Betcha Nevah Hoida Dese
February 2018

When it comes to light “delightful reads”—that is, intelligent, well-written novels with believable characters and happy endings, books that are amusing and entertaining—writers like P.G. Wodehouse, Jane Austen, and Maria Semple come to mind.

But I have discovered various other authors of such delightful reads—most of them relatively little known.

Laurie Colwin wrote delightful comedies of manners and morals with characters who tend to be good-hearted, sane, and, well, happy. Critics say: “Colwin writes with . . .sunny skill and such tireless enthusiasm.”  (The New York Times Book Review);  “Colwin’s novels have great charm—a charm that comes from a calm, witty and observant world view and her engaging writing style.”  (Buffalo News)

Colwin wrote five novels. My favorites include Happy All the Time and Goodbye Without Leaving.

Emily Eden: The New York Times says it all: “The only thing more gratifying to find than a good book is a good book which has been neglected. The Semi-Attached Couple, written in 1829, published in 1860, popular for years, then largely forgotten, is a comic gem about how difficult it can be to get used to being married, even if you are young and beautiful and your husband is rich and titled. Along with Emily Eden’s only other novel, The Semi-Detached House (some readers will find this one even more delightful), it has now been reissued in paperback in the Virago Modern Classics series, which seems to specialize in buried treasure.”

Personally, my favorite of the two is The Semi-Detached House, about the unlikely conjunction of two families of different class backgrounds, but I enjoyed The Semi-Attached Couple as well.

Alexander McCall Smith: Well, of course, everybody knows about the well-loved “No. 1 Ladies Detective Agency” series. However, McCall Smith has written numerous other series as well, most of which I find pretty bad—especially the “Professor Dr. von Igelfeld Entertainments.” Ugh.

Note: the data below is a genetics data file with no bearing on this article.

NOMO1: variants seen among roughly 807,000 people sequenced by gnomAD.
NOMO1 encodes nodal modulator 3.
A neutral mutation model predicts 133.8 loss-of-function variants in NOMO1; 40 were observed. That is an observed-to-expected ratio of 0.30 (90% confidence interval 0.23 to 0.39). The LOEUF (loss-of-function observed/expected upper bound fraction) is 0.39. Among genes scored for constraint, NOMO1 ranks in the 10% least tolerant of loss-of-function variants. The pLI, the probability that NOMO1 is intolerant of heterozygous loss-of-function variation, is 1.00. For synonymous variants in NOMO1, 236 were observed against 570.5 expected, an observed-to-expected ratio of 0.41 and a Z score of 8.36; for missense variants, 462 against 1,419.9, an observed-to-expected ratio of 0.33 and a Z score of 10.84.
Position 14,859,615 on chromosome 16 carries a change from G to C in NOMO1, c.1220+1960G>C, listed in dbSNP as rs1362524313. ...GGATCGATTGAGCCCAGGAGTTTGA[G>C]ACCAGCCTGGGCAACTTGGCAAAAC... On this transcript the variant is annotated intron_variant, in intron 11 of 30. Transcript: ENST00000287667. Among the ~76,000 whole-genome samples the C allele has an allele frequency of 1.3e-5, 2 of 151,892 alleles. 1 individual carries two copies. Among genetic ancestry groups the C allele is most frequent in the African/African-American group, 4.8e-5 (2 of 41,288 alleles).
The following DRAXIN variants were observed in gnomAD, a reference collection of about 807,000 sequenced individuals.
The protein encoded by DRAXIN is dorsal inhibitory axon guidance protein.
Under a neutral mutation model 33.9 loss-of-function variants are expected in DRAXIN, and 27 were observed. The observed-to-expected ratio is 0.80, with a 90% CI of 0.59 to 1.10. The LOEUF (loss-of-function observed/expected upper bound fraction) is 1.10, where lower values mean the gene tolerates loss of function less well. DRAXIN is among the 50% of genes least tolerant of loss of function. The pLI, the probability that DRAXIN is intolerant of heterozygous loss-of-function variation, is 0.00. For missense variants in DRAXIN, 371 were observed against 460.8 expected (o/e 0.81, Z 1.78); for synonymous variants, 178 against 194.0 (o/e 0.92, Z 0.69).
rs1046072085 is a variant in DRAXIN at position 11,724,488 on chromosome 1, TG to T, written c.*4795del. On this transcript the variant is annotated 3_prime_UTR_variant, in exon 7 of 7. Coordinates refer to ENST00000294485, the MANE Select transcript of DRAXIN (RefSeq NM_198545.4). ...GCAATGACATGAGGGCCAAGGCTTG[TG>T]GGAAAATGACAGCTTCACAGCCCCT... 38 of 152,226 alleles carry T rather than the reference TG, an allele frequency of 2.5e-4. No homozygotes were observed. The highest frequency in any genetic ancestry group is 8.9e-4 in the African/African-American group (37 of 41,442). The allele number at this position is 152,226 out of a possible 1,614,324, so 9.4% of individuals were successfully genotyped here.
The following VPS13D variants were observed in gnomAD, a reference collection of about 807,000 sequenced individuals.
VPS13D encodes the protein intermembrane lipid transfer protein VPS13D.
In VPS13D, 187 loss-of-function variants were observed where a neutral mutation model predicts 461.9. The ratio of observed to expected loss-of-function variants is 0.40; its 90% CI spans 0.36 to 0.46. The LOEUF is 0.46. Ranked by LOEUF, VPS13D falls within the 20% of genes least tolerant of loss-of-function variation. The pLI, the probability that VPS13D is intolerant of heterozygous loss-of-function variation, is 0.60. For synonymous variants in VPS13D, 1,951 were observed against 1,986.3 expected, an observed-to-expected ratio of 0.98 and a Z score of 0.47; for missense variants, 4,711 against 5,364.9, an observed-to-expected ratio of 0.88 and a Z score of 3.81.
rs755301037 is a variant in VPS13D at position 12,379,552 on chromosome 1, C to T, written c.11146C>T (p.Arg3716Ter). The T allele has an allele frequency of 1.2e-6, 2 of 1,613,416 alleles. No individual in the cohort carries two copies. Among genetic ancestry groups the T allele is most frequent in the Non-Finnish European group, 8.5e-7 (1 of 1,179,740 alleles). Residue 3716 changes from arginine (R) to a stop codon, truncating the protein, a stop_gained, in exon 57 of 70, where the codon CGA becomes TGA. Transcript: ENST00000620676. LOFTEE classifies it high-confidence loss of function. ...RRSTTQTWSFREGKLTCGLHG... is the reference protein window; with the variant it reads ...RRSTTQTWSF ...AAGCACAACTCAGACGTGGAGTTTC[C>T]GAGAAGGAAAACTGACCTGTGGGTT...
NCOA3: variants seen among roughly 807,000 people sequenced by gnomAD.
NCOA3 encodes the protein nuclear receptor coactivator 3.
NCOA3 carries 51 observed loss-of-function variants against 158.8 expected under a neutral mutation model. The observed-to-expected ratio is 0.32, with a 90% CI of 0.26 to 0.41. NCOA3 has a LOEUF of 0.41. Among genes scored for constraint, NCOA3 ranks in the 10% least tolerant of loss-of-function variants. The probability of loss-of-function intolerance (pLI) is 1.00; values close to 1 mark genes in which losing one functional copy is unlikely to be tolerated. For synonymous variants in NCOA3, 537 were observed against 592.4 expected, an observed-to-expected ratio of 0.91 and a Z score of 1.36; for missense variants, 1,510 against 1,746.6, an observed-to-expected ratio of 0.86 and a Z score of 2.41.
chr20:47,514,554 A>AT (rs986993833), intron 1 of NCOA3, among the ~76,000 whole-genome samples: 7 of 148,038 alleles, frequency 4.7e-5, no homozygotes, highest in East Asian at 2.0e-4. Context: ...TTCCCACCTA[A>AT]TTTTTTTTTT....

However, I find the characters in one other of his series, “44 Scotland Street,” to be almost as endearing and funny as those in the “Ladies Detective Agency.” In “44 Scotland Street,” a group of residents and neighbors in Edinburgh come to life in “gently satirical, wonderfully perceptive novels, featuring six-year-old Bertie, a remarkably precocious boy—just ask his mother.”

Start with the first book, also entitled 44 Scotland Street.

Laurie Frankel is a younger writer, having published her debut novel in 2010. She also describes herself as “the parent of one child, the minder of one border collie, the partner of one husband, the denizen of one city (Seattle), and the reader of tens of thousands of books.”

The Atlas of Love is the charming story of three graduate school roommates with very different backgrounds who agree to tri-parent a baby named Atlas, featuring literary theory to think about, many great characters, and nice turns of phrase. “This beautifully written debut novel offers something for everyone—humor, richly drawn characters and a tender exploration of love, friendship and food.” (LA Times Magazine)

OK, now you know some of my favorite “light but literate” novels, I’d love to hear some of yours.